1. Letting babies sleep outside in freezing temperatures.
For generations, Icelandic babies have napped outside in freezing temperatures. Today, it’s altogether commonplace to see strollers sitting outside of shops and cafés while parents enjoy coffee indoors — no matter the weather. Since Iceland has one of the lowest crime rates in the world (less than two murders per year), the chance that one of these outdoor-snoozers might be kidnapped is about as slim as a Christmas without snow in Reykjavík. A far greater danger involved with infant outdoor napping is high winds — every now and then, it’s possible to witness a lone stroller blowing down the street in the wind. Still, Icelanders firmly believe that babies sleep better when they’re surrounded by nature and that the white noise of the wind soothes them in a way that indoor clamor cannot. And with Iceland having some of the cleanest air in the world, it’d be a shame to not let these tiny Vikings get their fill early on.
2. Behold the power of the fish (enzyme).
Being an island nation has its benefits and Iceland knows how to take advantage of that. Scientists have created a fish-derived enzyme called Penzim which is made from the North Atlantic Codfish. The potent enzyme has been made into both a facial gel and crème that works like the nectar of the gods for wrinkles, acne, and just about anything you can think of. Rumor has it that Penzim also has virus-killing properties and that a simple spray up the nose or down the throat has the power to knock out whatever you’ve got brewing in there. Think Icelandic version of Windex in My Big Fat Greek Wedding. That’s Penzim.
There are swimming pools just about everywhere in Iceland. That’s no exaggeration; every town, no matter how small, has a pool. And every pool, no matter how small, has a hot tub. Even more remarkable is that most of these pools are geothermally heated, which gives the water a slightly slippery feel that does wonders for dry skin. But perhaps more importantly, swimming pools in Iceland serve a valuable cultural purpose. During long, dark winters, and especially in remote towns and villages far from the capital where there’s not much to do, swimming pools become meeting points for friends and family. They’re a healthy and fun way to relax and let off steam (pun intended). And if that doesn’t already tickle your spa-craving fancy, pool goers are even offered coffee once they’re immersed comfortably in 100-degree waters!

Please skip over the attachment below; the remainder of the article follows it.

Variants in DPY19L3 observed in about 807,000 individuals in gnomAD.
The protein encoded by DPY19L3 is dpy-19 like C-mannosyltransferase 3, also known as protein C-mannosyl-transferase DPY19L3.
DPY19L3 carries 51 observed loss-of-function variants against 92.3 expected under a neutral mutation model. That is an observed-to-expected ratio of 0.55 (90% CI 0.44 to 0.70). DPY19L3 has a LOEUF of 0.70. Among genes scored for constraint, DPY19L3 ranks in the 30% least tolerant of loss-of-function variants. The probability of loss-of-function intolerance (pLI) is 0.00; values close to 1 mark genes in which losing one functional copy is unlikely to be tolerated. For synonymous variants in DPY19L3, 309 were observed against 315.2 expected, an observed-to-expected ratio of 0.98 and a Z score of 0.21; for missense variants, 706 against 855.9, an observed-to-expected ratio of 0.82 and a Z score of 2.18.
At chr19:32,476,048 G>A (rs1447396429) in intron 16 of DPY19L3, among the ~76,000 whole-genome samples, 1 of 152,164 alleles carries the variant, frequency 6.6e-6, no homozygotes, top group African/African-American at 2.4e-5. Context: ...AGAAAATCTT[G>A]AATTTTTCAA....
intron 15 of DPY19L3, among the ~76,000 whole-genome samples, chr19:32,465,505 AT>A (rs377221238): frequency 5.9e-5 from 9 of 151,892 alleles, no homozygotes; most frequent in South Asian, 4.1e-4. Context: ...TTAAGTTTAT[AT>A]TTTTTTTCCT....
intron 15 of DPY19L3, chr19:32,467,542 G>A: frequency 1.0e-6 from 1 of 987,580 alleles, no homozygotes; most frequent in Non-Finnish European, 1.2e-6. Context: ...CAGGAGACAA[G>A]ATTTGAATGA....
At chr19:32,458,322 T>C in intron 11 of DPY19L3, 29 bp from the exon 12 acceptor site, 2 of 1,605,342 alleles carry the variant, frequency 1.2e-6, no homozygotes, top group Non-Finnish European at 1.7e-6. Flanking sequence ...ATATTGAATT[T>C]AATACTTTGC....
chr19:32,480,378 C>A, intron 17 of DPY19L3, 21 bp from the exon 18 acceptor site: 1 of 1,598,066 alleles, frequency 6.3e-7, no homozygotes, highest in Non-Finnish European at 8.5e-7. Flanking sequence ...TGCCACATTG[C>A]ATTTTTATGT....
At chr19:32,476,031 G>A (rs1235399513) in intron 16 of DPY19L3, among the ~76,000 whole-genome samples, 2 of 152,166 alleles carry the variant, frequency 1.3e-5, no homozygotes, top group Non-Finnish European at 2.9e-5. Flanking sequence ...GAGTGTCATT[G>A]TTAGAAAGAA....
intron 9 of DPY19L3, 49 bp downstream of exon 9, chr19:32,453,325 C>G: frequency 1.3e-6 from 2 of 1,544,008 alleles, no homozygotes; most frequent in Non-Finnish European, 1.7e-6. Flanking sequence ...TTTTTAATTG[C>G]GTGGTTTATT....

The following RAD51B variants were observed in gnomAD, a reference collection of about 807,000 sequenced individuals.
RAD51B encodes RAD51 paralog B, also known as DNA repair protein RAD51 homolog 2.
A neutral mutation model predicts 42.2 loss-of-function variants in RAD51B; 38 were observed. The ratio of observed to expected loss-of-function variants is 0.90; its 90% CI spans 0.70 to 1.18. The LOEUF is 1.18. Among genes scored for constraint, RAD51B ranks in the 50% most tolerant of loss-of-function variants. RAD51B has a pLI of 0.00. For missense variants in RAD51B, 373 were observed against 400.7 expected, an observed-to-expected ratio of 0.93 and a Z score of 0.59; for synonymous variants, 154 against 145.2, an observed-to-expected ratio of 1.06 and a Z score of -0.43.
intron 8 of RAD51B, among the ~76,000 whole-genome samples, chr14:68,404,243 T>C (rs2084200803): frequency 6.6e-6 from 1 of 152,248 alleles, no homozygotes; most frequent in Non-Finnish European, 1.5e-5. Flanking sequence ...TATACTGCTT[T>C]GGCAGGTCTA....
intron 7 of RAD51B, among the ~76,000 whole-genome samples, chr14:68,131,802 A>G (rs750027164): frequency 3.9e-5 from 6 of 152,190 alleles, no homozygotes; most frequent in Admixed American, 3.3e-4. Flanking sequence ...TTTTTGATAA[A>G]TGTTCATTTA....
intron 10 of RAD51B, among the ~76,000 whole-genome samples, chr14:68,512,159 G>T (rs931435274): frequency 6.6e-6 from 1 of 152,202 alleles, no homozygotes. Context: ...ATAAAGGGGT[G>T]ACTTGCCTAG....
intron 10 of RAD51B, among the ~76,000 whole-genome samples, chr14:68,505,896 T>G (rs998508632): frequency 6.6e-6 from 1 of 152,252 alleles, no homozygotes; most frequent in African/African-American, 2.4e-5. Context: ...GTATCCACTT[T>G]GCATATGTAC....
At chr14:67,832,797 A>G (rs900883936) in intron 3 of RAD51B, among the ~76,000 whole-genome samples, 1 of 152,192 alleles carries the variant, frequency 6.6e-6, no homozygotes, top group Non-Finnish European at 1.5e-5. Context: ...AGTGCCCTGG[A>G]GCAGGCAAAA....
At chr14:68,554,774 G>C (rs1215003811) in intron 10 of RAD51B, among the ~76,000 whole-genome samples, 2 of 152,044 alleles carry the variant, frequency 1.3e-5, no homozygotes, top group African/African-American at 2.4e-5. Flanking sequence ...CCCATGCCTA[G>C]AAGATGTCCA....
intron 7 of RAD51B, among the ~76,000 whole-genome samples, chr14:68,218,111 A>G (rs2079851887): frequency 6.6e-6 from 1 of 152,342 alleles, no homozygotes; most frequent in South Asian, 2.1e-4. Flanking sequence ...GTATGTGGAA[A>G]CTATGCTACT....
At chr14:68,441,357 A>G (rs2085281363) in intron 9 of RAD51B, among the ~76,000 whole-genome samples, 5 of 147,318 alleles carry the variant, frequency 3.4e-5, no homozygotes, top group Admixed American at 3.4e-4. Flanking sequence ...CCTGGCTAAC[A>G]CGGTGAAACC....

4. What weather?
Blizzard dumping snow by the meter onto your driveway? No problem. Can’t get to Reykjavík because the mountain road is covered in a sheet of ice? There are worse things in life. White-out on the road? Hope your car is comfortable — you’re gonna be there for a while! To say that the weather in Iceland is harsh is an understatement — house-high snow drifts and (regular) hurricane-force winds might give you a sense of it — nevertheless, Icelanders have adopted a c’est la vie attitude towards the weather, but instead they say “ekkert mál” (no problem) no matter how severe the conditions may be. Instead of flocking to the nearest grocery store to stock up on water and canned food as though they were preparing for the apocalypse, Icelanders have learned to relax in the face of stormy weather. Relax is the key word here; to Icelanders, a storm just means spending more quality time with family, and a cozy evening (or three) inside a geothermally-heated home.
5. The Merry Christmas rule
There are few things more unnerving than seeing Christmas décor in your local Bed, Bath & Beyond… in October. Try as we might, most Americans can’t seem to shake their obsession with all things Christmas-y long before the holiday arrives. In Iceland, things are a bit different; especially when it comes to wishing others Gleðileg jól (Merry Christmas). Here, nobody says it until 6 PM on Christmas Eve, believing that the holiday does not officially “arrive” until then. This took me by surprise when I arrived to my first Christmas party in Iceland around noon on the 24th. “Gleðileg jól!” I said jollily to the crowd and was greeted with looks of shock in reply. “It’s not six o’clock yet,” a friend said to me. “We don’t wish each other Merry Christmas until then.” After waiting patiently for the few hours until the holiday utterance was deemed appropriate, the clock struck six and all of a sudden a chorus of “Gleðileg jól!” sounded around me. As if on cue, everyone started hugging everyone, exchanging gifts, and pouring shots of Tópas — a licorice-based liquor — truly living in the moment.